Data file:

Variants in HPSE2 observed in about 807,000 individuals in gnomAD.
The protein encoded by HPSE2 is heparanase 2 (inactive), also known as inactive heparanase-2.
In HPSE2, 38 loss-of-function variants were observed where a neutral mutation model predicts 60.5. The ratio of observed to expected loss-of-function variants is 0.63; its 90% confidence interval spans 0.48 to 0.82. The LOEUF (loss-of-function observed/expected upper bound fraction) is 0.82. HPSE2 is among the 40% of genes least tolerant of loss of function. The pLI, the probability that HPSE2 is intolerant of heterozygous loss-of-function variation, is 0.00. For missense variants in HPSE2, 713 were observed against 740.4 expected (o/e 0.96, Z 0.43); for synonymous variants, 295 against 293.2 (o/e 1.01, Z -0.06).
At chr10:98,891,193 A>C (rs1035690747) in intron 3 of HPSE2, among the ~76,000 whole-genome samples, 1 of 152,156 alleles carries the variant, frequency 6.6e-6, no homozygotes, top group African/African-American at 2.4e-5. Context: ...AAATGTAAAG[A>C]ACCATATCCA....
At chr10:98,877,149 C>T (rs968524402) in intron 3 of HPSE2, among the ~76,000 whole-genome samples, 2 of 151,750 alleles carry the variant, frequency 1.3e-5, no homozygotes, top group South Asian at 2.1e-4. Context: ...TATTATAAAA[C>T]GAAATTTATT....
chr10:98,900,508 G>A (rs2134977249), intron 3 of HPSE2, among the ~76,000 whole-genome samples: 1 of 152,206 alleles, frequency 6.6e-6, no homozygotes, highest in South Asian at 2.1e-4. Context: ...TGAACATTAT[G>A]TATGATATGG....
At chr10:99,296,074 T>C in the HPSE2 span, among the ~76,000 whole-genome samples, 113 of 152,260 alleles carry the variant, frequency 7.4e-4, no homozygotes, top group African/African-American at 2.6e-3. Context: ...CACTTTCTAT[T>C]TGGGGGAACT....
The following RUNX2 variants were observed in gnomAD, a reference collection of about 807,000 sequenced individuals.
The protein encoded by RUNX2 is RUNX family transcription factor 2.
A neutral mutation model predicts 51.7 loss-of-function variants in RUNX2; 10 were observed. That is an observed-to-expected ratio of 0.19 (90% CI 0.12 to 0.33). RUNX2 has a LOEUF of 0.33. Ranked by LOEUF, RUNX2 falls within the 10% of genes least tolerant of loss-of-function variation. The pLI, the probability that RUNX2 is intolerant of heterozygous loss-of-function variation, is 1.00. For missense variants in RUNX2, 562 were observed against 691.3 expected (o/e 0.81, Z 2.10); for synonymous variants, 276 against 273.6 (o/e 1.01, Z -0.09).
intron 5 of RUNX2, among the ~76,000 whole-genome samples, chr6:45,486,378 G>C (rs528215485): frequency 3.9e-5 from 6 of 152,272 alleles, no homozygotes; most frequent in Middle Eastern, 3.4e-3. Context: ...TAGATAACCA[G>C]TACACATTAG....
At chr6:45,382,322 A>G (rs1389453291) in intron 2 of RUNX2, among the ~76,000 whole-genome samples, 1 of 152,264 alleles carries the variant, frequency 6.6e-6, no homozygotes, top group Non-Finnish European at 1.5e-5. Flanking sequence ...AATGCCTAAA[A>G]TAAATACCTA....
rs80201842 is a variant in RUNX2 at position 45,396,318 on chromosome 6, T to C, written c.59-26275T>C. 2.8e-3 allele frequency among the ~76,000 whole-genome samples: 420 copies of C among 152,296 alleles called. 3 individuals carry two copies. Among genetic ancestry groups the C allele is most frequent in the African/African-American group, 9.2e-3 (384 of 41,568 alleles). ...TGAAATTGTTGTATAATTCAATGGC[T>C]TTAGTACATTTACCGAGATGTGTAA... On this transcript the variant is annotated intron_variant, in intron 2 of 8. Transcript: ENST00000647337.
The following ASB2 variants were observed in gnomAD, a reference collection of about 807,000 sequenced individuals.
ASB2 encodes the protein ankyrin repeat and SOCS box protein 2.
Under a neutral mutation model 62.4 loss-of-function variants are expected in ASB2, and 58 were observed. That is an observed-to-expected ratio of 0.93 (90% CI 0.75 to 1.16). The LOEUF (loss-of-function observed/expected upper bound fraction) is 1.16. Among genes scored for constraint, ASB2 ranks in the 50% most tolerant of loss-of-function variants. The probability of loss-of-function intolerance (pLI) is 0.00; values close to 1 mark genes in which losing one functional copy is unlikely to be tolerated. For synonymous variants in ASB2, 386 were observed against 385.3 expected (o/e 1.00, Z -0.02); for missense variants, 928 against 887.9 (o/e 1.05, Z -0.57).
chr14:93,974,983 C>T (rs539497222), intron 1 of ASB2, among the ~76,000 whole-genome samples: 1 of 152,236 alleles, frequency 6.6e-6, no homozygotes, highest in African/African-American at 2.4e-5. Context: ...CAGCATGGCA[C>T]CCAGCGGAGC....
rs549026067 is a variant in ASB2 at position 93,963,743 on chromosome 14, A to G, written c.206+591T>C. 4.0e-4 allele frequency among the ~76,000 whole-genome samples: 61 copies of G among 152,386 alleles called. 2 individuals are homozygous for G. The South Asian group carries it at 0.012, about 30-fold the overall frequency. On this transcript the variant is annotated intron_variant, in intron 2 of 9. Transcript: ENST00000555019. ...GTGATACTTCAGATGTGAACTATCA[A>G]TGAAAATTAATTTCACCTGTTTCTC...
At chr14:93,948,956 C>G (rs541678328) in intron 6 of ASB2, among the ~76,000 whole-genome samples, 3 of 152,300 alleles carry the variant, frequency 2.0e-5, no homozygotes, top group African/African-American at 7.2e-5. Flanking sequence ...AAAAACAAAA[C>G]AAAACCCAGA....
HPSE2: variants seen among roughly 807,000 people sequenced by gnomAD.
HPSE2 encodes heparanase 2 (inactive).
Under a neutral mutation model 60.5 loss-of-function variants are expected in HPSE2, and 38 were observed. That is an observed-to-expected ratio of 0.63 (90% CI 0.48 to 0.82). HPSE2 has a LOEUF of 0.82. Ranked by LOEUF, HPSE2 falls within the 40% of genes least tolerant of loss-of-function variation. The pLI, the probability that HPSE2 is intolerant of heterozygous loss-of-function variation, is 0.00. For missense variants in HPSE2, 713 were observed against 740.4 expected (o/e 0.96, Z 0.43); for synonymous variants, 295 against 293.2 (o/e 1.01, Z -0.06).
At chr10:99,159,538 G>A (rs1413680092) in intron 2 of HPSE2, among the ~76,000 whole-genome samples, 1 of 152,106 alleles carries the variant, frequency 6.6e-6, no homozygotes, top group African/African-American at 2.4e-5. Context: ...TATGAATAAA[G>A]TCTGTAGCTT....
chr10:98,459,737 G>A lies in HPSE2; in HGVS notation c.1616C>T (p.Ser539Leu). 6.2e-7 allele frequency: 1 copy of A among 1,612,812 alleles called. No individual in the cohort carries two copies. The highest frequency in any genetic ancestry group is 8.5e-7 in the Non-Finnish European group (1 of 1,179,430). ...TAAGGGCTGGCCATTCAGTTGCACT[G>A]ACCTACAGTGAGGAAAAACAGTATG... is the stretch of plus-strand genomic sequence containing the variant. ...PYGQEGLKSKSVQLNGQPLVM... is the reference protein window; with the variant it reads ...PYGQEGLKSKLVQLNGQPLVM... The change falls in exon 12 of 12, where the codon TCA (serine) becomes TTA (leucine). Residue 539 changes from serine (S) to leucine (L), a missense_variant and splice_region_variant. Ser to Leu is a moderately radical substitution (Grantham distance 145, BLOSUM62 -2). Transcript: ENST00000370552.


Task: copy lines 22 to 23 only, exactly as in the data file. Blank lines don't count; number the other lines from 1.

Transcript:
Under a neutral mutation model 60.5 loss-of-function variants are expected in HPSE2, and 38 were observed. That is an observed-to-expected ratio of 0.63 (90% CI 0.48 to 0.82). HPSE2 has a LOEUF of 0.82. Ranked by LOEUF, HPSE2 falls within the 40% of genes least tolerant of loss-of-function variation. The pLI, the probability that HPSE2 is intolerant of heterozygous loss-of-function variation, is 0.00. For missense variants in HPSE2, 713 were observed against 740.4 expected (o/e 0.96, Z 0.43); for synonymous variants, 295 against 293.2 (o/e 1.01, Z -0.06).
At chr10:99,159,538 G>A (rs1413680092) in intron 2 of HPSE2, among the ~76,000 whole-genome samples, 1 of 152,106 alleles carries the variant, frequency 6.6e-6, no homozygotes, top group African/African-American at 2.4e-5. Context: ...TATGAATAAA[G>A]TCTGTAGCTT....